JL: In every lesson. I put all the modalities in. It’s very rare that I don’t have a YouTube link into a lecture link, whatever I’m teaching, there’s the words, there the quotes, there’s the YouTube link, the audio, the video, everything is there for whatever they learn best. And if we want students to get the right answer, give it to them. Whatever it takes, there’s, there’s no rule that says, Will you if you don’t listen to Joseph droning away for 40 minutes, and don’t remember, you know, something, that you’re not a good student, that that’s not the way it has to work. If I want them to know, something, give it to them, what are we hiding, and why we often making it such a struggle to get that information. And I understand about critical thinking and learning to figure things out, it can be done, it can be done. And if you just incorporate these different modalities of a for instance, if they go back to the Google Classroom, they’re going to figure out which thing they need to see. So isn’t that learning how to process information? Of course it is. HR: And what you’ve just said that I really believe so much. These things are not mutually exclusive. Yes, they are inclusive? JL: Absolutely. Absolutely. It’s, it’s, I think it’s so simple. And I often, you know, see, you know, people struggling with certain things, to learn something. Why when there are so many different ways to learn it. You know, I teach here, private students in my homes, some home studio, and whatever I need to explain, or however I need to explain it. For instance, I have had a student, and this is not a student who I gave yesterday. But if you might see this, this is a trumpet fingering chart. And this is a different type of fingering chart. Usually, it has the name of the note. And it might have three little circles on the bottom, where it colors in the ones that have to be pressed down here, it actually shows you which ones why can’t we do that for everything. It’s there? What’s the struggle? It’s so simple? And that’s the way I teach. Find what? Find the answer and give it to them in the way they understand it.
HR: Well, you make good sense,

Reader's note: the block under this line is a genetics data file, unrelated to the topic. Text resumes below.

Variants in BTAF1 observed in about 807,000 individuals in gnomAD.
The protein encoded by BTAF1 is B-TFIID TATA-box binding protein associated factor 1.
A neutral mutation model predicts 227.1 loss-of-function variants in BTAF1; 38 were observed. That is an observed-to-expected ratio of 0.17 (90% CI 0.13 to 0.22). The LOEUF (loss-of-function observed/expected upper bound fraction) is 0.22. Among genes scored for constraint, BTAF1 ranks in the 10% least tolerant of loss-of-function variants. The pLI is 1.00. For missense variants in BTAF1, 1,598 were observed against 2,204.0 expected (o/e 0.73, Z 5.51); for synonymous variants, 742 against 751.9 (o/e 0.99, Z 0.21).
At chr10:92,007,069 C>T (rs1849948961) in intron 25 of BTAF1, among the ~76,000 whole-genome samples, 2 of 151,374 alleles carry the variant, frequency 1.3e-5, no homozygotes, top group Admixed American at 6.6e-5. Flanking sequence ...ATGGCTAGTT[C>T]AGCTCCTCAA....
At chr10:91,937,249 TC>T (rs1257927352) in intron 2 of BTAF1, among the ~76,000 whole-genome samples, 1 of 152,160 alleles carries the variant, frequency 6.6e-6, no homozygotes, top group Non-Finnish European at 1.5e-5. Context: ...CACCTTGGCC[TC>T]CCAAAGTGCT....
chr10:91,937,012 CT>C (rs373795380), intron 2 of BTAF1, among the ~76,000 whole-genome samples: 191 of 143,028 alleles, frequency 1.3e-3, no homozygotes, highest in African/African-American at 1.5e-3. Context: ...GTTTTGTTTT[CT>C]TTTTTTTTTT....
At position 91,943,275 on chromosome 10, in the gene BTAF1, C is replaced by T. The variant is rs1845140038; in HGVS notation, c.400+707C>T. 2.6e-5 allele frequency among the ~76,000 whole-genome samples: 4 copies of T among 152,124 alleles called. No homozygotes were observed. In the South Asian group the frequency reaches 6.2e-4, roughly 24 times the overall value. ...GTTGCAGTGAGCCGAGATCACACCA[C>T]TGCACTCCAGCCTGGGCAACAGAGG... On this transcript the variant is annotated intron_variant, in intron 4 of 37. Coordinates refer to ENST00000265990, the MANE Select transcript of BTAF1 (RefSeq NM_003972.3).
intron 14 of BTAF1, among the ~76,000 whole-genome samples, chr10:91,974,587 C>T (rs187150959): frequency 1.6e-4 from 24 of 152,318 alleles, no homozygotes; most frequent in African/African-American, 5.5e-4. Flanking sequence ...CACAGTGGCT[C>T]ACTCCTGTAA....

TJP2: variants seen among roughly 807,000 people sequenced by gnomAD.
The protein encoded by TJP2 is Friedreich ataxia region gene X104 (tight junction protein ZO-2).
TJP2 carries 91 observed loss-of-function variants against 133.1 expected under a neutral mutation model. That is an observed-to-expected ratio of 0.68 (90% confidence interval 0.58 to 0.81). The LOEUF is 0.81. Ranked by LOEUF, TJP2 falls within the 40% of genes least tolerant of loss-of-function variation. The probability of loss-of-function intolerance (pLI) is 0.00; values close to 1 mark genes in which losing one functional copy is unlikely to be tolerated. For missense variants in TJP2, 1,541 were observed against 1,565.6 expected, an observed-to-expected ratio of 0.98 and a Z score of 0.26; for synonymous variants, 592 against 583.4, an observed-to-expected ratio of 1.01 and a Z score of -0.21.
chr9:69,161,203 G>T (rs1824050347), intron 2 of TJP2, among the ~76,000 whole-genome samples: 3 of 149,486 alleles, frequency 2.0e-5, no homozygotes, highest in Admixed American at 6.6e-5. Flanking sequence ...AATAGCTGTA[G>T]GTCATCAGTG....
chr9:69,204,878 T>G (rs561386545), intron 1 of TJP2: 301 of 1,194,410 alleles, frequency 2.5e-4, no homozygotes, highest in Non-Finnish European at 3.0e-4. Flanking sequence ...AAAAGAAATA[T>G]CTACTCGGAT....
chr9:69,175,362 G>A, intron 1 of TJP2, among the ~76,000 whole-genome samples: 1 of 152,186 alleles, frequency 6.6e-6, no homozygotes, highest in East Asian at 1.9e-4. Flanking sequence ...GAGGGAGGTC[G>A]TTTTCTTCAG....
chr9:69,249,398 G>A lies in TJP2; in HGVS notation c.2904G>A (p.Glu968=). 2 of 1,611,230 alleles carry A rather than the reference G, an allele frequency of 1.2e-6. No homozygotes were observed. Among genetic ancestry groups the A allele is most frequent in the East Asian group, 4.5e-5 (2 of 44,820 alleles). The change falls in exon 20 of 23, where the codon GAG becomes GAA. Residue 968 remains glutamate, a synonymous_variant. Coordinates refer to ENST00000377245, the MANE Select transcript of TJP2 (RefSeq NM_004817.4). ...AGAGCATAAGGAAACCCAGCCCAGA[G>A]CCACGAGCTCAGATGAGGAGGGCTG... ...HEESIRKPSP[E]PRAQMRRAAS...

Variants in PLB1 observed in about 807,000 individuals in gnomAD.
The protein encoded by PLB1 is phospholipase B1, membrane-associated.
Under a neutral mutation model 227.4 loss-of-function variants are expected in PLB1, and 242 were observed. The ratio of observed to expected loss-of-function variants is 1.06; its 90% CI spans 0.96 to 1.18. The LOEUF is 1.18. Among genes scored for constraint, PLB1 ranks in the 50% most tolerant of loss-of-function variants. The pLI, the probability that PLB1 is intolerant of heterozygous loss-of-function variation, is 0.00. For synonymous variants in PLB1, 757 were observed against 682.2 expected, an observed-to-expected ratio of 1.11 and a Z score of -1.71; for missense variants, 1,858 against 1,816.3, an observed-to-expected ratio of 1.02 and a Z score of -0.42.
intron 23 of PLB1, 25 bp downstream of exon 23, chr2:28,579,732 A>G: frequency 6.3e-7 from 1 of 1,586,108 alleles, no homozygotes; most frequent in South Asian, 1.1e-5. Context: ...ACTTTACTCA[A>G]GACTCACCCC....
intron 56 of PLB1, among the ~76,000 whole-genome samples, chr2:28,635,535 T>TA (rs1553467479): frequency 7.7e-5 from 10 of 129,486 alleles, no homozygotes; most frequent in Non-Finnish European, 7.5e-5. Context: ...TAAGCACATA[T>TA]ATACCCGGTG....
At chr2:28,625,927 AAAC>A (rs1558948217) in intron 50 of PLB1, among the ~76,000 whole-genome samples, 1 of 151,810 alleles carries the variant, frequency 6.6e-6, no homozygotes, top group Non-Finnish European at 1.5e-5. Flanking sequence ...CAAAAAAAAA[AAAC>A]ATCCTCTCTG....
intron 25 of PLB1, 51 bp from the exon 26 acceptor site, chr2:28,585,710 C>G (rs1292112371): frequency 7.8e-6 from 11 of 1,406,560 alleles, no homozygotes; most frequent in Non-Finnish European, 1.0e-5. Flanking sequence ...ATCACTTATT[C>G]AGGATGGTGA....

JL: if I might just share one thing with my colleagues. Try to remember, our students don’t learn the way we learn. They don’t understand things the way we do. Sure some might. But try and remove ourselves from it. And in what we do doesn’t matter how I go about editing a paper doesn’t matter. That’s not for me to force on someone. It’s for me, to get them to understand what the standard is, and take my own process and put it on the side, please. And focus on what the student needs. That’s what’s important.
HR: How can people learn more about you and your work? Well,
JL: if anyone’s interested in anything I’ve had to say of course they can find me on on differentbrains.org. There are other outlets I’m on regularly. I was just on Spectrum cable in New York City. On the great heart of New York show with Angela and Peter Hart. It’s on YouTube la Lots of segments there on many different subjects that we’ve talked about over the last six or seven years, various articles and so on. But if anybody wants to reach me, free of charge, they can simply reach me. May I give my email?
HR: Yes, please give me your email and any contact information you’d like to share.
JL: Thank you. They can simply reach me at JSLMaestro@gmail.com. That’s JSLMaestro@gmail.com. And I’m happy to share information, answer questions, you know, help in any way I can and hopefully learn something from you, too. Maybe you’ve got something. I’m sure you have things that you can teach me. I’m open all the time for that.
HR: Well, Joseph, is there anything else we have not covered that you would like to cover today?
JL: Well, if I might have fun. I understand. So many of our educators are in challenging situations. I know firsthand. I’ve been in it 39 years, I’ve been in the most challenging and rewarding environments, students in all types of needs, distress. Have fun with it. They can see most of the time you might be the only bright light in their day, smile for them. Spread a cheerful word, be encouraging. That means more than anything, and it’ll help you be positive too, and make us all happy. So that’s what I have to little bit of advice.
HR: Joseph lento it’s been a pleasure to have you here yet again on Exploring Different Brains. Keep up your great work in education and in leading us and in philosophizing. Thank you so much. Thank you